Spring has arrived, and with it, the freshest flavors from local farms and growers. Just-harvested spring greens and tender vegetables now fill produce aisles and farmers markets, providing all the enticement I need in my kitchen to switch from winter’s hearty meals to lighter fare.
As I throw open the windows to savor springtime breezes, I’m inspired to celebrate the beauty of this new season with dear friends. I can hardly wait to set my table with pastel or floral placemats and table linens, sparkling glassware, fresh flowers, and a menu that signals spring is here! For a truly memorable celebration, moving the table outdoors on a gorgeous spring day takes advantage of nature’s spectacle of azaleas in bud and bloom, mid-season tulips, and cheerful pansies under a canopy of trees adorned in pale green leaves.
As I embrace this season of rebirth and renewal, my excitement naturally translates into my menus. I’ve always been a huge fan of composed salads, and this is the ideal time to feature them as a light lunch or dinner side dish. While tossed salads are perfectly delicious any time of year, an artistically arranged salad that thoughtfully showcases each ingredient evokes oohs and ahs from family and guests. That response is all the encouragement I need to create one-of-a-kind salads everyone will enjoy.
Composed salads present opportunities to serve healthy, seasonal ingredients in fresh, new ways. Blanched asparagus, broccoli, and cauliflower florets are extra enticing when artistically presented in a salad — a huge advantage when it comes to getting kids (and adults) to eat vegetables. Jicama, grated or sliced into matchsticks, provides a crunchy, slightly-sweet counterpoint to spicy arugula or radicchio, and the neutral color highlights adjacent layers of vibrant green and purple. One of my favorite, and under-utilized, salad ingredients is Belgian endive. Whether rose-colored or the more popular white, I like to slice it crosswise and add it to salads for small bursts of tartness. As a bonus, the further I slice into the endive, the more the slices resemble a rose. These can be the perfect garnish on top of a composed salad.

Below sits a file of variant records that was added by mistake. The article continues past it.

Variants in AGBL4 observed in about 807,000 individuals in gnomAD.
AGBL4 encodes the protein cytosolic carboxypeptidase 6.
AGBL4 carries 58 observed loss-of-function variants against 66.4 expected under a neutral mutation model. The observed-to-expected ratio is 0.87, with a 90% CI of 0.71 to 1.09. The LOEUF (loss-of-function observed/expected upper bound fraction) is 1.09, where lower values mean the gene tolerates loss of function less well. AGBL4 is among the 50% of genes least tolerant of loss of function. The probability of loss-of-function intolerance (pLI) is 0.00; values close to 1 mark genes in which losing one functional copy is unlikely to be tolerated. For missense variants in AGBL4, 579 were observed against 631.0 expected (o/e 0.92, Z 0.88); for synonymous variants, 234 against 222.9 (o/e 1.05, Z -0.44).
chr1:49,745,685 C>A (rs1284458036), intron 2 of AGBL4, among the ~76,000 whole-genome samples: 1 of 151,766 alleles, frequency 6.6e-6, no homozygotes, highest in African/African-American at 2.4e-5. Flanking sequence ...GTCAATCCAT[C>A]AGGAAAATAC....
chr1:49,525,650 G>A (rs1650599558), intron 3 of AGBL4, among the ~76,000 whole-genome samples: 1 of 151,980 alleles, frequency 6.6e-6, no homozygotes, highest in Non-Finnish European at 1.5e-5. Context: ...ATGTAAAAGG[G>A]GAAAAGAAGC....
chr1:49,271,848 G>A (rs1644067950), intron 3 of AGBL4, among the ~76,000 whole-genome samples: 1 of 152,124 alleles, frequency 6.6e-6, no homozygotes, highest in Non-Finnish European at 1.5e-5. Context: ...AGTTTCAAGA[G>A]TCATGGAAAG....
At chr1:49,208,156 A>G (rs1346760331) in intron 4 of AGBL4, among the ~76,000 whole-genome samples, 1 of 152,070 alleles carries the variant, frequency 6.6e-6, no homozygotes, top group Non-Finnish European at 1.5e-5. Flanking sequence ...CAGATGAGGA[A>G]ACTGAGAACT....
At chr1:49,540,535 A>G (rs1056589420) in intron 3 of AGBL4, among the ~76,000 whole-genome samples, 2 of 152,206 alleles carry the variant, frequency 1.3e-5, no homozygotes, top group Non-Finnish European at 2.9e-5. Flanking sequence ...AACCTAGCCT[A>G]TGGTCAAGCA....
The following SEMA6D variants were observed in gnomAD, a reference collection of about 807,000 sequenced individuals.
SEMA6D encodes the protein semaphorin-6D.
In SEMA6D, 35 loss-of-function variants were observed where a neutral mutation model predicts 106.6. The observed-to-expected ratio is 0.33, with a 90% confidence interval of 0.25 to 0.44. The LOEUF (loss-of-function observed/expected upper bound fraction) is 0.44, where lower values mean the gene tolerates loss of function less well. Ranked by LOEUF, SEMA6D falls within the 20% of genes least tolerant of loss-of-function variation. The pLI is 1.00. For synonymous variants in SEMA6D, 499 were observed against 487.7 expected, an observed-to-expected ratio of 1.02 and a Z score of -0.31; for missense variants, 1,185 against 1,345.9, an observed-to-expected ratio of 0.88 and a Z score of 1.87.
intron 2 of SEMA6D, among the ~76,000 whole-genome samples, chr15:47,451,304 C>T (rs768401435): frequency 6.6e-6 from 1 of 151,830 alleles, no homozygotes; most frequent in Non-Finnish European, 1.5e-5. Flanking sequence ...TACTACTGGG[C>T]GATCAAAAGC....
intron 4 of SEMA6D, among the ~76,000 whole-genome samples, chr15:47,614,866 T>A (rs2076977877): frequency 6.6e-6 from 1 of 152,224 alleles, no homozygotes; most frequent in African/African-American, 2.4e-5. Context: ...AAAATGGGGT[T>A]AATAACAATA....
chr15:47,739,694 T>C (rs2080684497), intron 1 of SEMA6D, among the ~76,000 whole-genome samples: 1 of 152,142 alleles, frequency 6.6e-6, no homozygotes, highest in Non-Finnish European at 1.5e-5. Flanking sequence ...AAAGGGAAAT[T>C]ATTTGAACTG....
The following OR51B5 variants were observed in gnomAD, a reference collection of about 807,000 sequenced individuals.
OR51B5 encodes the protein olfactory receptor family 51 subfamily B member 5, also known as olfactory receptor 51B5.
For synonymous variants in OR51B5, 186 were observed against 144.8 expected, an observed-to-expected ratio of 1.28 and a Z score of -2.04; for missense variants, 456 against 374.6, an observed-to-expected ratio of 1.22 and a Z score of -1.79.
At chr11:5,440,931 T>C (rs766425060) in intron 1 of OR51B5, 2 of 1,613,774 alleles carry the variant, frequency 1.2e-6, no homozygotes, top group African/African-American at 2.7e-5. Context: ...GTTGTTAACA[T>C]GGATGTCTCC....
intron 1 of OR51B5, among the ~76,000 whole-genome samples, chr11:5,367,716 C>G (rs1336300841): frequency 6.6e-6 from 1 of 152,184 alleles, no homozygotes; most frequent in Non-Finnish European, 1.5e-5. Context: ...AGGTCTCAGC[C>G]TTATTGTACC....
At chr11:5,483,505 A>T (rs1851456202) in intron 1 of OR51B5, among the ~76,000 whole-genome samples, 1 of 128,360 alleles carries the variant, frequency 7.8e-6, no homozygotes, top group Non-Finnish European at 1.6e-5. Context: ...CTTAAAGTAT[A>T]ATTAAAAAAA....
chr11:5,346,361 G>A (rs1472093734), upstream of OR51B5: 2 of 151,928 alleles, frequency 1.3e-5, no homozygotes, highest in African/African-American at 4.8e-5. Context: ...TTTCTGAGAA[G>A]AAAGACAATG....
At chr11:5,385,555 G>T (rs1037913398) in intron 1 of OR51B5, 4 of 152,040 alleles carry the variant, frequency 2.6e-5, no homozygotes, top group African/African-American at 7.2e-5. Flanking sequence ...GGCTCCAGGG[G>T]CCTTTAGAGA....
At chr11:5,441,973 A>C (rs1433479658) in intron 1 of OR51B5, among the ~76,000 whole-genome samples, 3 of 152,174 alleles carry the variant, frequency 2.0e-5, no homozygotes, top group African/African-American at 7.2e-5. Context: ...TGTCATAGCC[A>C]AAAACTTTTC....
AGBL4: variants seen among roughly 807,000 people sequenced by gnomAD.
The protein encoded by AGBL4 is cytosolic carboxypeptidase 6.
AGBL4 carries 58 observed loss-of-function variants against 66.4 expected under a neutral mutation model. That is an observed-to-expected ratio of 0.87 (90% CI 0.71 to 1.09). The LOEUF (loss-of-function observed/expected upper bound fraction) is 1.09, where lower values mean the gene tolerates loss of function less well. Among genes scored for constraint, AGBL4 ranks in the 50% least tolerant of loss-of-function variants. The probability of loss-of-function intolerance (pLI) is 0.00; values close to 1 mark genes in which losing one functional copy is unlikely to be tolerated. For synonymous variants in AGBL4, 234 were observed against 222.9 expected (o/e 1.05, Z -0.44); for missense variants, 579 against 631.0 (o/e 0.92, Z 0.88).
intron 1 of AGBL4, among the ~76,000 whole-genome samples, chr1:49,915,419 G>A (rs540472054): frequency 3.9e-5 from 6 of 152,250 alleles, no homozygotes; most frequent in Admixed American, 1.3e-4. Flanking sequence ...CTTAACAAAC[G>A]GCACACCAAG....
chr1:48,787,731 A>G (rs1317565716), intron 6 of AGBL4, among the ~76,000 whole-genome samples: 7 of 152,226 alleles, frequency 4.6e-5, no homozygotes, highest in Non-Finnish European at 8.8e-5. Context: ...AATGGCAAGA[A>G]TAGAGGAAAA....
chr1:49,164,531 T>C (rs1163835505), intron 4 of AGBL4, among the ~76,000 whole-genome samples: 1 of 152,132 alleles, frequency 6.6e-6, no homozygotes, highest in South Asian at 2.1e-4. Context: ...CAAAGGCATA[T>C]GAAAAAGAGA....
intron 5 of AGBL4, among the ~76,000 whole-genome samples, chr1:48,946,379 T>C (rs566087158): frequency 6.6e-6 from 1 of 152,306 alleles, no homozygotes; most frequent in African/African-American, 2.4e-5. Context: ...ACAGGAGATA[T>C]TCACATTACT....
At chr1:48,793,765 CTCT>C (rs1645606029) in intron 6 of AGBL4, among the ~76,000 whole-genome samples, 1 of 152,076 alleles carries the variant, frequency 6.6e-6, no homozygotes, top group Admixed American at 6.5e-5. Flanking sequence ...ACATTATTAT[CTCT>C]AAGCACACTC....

This spring, I’m taking my composed salads to new heights by stacking ingredients to showcase their colors and textures. We’ve all seen layered salads in upscale restaurants, but making them at home? It’s so easy! Starting with a set of 3-inch-high, round tubes or molds from a kitchenware store (I used Creo® Stax, which open with the flip of a lever), chop your favorite ingredients into small pieces so they’re easy to layer. Assemble the salads inside the molds, taking care to alternate colors and textures as you form layer after luscious layer, chill until ready to serve, then carefully remove the molds. It’s art on a plate!
Christy Rost is a lifestyle authority, author of three cookbooks, public television chef on PBS stations nationwide, and a longtime resident of the Park Cities and Preston Hollow. For additional recipes and entertaining tips, visit her website www.christyrost.com or follow her on Facebook and Twitter @ChristyRost
Quinoa, Arugula, and Asparagus Layered Salad
• 2 3-inch-high stacking tubes or molds
• 1 cup prepared quinoa
• 1 cup arugula, rinsed, spin-dried, and coarsely chopped
• 1 cup radicchio, rinsed, spin-dried, and thinly sliced
• 1 ripe avocado, halved, pitted, and cut into small cubes
• 1 tablespoon freshly squeezed orange or lemon juice
• 12 red mini-cherub tomatoes, rinsed and thinly sliced lengthwise
• 1 cup iceberg lettuce, rinsed and thinly sliced
• 8 asparagus spears, rinsed, trimmed, and steamed 1 minute
• 4 yellow mini-cherub tomatoes, rinsed and halved lengthwise
• Salad dressing of choice
• Freshly ground black pepper
Prepare the quinoa:
• 1 tablespoon olive oil
• 2 tablespoons green onion, rinsed and thinly sliced
• 2 tablespoons celery, rinsed and diced
• 1 cup quinoa, rinsed and drained in a fine sieve
• 1 cup vegetable or chicken broth
• Pinch of salt
Early in the day, preheat a small saucepan over medium heat, add oil, and swirl to coat the bottom of the pan. Add onion and celery, and sauté until they begin to soften. Add broth and salt, bring the mixture to a boil, and stir in the rinsed quinoa. Cover, reduce the heat to medium-low, and simmer 15 minutes or until the liquid has been absorbed. Fluff the quinoa with a fork and set it aside to cool. Quinoa can be made one day ahead, covered, and chilled overnight.
Place a tube on each salad plate, spoon half of the cooled quinoa in the bottom of each, and tamp it with your fingers to create the base. Add half of the arugula to each, tamp lightly, top each with half of the radicchio, and tamp lightly. In a small bowl, toss the avocado with orange juice, divide it between the salads, top with sliced red tomatoes and a layer of iceberg lettuce, and tamp lightly.
Garnish the salads with asparagus spears and halved yellow tomatoes. Carefully remove the tubes or molds, drizzle with your favorite salad dressing, and season to taste.
Yield: 2 individual salads